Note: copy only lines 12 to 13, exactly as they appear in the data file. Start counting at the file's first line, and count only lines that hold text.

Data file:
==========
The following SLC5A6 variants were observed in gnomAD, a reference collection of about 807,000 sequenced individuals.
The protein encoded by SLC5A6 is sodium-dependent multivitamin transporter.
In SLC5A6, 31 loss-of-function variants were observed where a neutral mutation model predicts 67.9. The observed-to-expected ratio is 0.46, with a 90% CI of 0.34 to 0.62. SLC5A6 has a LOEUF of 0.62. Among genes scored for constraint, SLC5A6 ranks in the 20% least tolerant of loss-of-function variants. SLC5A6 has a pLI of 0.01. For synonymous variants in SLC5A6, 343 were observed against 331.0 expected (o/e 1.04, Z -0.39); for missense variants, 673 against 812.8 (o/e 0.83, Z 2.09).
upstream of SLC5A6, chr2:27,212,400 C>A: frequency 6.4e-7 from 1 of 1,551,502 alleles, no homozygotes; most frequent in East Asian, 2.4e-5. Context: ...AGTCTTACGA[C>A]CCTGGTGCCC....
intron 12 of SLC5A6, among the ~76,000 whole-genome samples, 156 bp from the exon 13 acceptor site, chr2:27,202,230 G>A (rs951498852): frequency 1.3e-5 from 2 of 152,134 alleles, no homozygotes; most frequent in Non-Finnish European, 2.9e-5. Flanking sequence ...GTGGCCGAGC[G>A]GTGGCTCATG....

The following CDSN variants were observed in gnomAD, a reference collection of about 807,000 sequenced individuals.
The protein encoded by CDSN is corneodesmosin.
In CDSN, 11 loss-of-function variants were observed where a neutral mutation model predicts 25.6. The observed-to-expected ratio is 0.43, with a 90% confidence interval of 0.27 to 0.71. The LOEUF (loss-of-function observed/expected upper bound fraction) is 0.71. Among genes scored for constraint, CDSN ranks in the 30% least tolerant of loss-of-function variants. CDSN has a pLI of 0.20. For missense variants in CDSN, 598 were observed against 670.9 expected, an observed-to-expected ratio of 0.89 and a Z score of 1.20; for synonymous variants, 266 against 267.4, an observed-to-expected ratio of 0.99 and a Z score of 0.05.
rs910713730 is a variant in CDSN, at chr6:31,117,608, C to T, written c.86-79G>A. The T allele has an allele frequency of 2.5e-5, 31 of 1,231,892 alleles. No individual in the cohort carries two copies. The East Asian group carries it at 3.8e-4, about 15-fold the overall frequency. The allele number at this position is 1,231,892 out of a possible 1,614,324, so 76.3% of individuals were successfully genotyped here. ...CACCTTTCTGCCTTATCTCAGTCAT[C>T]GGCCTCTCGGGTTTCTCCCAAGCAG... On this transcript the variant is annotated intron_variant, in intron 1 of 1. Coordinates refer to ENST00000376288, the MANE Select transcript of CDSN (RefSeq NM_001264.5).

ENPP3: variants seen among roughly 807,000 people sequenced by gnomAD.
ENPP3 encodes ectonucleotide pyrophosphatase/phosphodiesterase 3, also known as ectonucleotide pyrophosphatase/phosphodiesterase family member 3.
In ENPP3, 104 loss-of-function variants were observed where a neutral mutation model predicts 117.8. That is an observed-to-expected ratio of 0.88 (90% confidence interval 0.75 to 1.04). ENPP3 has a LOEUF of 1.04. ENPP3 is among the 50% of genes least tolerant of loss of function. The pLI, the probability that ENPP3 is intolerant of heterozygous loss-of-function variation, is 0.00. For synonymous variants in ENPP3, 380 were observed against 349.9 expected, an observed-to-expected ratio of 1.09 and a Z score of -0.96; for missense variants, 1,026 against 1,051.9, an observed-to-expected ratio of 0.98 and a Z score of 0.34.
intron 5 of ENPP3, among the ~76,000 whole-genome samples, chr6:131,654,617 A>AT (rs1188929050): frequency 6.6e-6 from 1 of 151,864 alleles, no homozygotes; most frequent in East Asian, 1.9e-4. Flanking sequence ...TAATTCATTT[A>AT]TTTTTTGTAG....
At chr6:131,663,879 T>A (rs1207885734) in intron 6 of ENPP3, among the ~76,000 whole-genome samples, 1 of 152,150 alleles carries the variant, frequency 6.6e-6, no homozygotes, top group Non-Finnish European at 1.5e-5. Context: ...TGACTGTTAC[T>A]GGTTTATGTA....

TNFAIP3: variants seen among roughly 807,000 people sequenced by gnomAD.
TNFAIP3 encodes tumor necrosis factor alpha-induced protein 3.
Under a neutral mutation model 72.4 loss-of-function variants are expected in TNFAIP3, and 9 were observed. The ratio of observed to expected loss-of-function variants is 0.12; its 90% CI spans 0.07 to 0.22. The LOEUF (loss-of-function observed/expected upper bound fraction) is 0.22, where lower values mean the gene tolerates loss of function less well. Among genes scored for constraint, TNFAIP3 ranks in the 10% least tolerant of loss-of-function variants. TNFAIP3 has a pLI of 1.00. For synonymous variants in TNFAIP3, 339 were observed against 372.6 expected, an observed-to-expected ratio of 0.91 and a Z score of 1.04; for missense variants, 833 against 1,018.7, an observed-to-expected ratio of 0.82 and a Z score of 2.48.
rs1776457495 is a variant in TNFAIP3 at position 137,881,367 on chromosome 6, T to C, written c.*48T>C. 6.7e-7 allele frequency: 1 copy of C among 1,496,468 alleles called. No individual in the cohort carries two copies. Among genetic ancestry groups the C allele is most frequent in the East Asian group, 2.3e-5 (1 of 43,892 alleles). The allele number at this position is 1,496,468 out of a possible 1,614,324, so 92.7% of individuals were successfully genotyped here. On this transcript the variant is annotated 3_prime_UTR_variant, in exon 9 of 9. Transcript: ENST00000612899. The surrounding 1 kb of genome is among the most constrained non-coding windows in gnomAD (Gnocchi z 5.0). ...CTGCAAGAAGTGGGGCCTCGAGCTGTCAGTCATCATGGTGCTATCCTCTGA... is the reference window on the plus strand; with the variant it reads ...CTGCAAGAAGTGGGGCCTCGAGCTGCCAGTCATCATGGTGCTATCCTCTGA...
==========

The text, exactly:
In ENPP3, 104 loss-of-function variants were observed where a neutral mutation model predicts 117.8. That is an observed-to-expected ratio of 0.88 (90% confidence interval 0.75 to 1.04). ENPP3 has a LOEUF of 1.04. ENPP3 is among the 50% of genes least tolerant of loss of function. The pLI, the probability that ENPP3 is intolerant of heterozygous loss-of-function variation, is 0.00. For synonymous variants in ENPP3, 380 were observed against 349.9 expected, an observed-to-expected ratio of 1.09 and a Z score of -0.96; for missense variants, 1,026 against 1,051.9, an observed-to-expected ratio of 0.98 and a Z score of 0.34.
intron 5 of ENPP3, among the ~76,000 whole-genome samples, chr6:131,654,617 A>AT (rs1188929050): frequency 6.6e-6 from 1 of 151,864 alleles, no homozygotes; most frequent in East Asian, 1.9e-4. Flanking sequence ...TAATTCATTT[A>AT]TTTTTTGTAG....